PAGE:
Remove, thaw, slice into 1 cm discs.  Cook on a baking tray in a hot oven for about 15 mins until lightly brown and smelling good and cheesie (ensure you leave a few cms space for the biscuits to spread). This recipe makes a lot so you can keep some ‘sausages’ for later.

Enjoy. And happy saving.


Infusion of rosewater

On our previous trip to Paris, we found this little cafe near Montmartre and stopped for a coffee as we needed a break from the freezing cold. For those who know me, I have a weakness for pistachios. Pistachio ice-cream, pistachio macaroons, pistachio biccies… My eyes would never let me veer away from pistachio once it catches my eye on the dessert counter. This time, it was a pistachio and rosewater cake. Mmmm… Quite an interesting combination and one that I have never come across. I did have a moment of doubt – Rosewater reminded me of this pastel pink drink back in Asia called Bandung. I never liked that sweet and fake coloured drink BUT as you know, my pistachio love took over and I HAD to try the cake.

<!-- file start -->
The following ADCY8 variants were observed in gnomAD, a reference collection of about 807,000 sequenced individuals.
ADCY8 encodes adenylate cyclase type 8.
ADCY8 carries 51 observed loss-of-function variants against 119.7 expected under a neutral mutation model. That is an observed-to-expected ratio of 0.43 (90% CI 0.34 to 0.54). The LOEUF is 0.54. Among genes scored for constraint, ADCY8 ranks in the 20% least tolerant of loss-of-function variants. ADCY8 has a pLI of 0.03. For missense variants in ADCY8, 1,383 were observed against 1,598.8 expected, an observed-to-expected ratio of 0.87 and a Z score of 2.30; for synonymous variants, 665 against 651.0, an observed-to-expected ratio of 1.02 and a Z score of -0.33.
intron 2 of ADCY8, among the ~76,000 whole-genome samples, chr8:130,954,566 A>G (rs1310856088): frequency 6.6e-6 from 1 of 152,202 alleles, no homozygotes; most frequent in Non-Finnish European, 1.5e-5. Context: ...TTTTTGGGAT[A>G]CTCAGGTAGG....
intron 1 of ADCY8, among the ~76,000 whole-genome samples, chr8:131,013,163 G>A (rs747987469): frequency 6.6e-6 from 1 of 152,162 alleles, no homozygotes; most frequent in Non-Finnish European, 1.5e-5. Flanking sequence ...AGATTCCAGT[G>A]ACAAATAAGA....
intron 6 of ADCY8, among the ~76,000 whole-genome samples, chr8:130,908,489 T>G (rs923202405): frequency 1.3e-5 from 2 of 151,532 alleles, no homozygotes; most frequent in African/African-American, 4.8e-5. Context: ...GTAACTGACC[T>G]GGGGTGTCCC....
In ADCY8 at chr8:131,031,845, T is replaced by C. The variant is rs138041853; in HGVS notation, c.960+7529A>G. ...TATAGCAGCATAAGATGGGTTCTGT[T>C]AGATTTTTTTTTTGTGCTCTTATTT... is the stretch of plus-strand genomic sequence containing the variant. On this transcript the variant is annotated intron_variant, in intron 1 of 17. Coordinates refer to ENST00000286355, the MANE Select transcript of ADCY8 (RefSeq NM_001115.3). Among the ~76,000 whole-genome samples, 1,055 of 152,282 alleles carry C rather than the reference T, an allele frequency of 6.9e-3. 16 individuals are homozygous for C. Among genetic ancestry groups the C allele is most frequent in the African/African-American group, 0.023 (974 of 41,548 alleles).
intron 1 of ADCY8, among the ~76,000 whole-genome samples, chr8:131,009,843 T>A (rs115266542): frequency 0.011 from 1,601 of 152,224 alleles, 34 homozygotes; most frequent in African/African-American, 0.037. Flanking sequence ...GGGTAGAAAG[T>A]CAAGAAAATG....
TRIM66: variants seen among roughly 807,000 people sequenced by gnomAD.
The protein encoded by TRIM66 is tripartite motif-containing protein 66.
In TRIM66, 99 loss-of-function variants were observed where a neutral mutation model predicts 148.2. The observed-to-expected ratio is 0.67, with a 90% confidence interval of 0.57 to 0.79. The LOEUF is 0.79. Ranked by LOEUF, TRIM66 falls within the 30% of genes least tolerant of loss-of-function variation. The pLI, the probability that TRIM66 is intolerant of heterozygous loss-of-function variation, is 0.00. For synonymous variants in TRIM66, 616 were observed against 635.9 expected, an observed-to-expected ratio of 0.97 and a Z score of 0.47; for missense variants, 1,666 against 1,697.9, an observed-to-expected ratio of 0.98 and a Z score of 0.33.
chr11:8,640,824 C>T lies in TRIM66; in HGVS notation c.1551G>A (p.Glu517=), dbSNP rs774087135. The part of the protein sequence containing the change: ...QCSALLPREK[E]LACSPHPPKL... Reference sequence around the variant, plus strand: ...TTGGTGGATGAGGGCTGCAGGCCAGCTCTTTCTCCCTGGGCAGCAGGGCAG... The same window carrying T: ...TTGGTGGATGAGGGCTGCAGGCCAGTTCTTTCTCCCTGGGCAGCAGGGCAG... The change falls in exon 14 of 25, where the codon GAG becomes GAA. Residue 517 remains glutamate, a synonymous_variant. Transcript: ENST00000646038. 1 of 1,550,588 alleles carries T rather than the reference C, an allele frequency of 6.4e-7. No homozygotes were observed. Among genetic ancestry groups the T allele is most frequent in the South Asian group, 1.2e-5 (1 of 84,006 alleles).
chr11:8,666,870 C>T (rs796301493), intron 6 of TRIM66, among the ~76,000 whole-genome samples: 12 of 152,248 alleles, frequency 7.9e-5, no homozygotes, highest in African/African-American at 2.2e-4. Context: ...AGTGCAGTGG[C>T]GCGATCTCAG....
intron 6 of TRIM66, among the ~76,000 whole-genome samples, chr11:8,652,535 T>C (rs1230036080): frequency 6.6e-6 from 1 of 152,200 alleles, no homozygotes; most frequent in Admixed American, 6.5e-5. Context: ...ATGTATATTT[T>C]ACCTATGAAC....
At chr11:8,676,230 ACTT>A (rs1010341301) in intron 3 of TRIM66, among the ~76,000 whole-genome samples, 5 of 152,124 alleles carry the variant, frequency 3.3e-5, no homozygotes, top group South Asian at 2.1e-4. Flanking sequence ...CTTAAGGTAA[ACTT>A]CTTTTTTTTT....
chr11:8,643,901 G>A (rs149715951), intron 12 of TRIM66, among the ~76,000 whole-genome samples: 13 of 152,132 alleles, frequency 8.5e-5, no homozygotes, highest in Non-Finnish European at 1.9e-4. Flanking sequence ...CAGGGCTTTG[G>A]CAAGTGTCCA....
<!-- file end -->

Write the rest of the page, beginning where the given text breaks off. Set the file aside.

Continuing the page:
The next thing you know, the dude and I were vying for the last crumbs of this moist and fragrant cake. The combination of flavours was perfect. We were in love.

It was decided that we had to make this cake in London. We thought it would be hard to find rosewater but it was easily found at a local offy (off-license). This recipe was found on the internet and the cake was a huge success. Terribly easy to make and delicious to taste! A must-try!

Lime Yoghurt Cake with Rosewater and Pistachios
(adapted from a recipe by Rachel Allen)

For the cake
225g self-raising flour
1 tsp baking powder
1 pinch of salt
75g ground almonds
100g caster sugar
2 eggs
1 generous tbsp or 50g runny honey
250ml natural yoghurt
150ml sunflower/ vegetable oil
finely grated zest from 1 lime

For the syrup
150ml water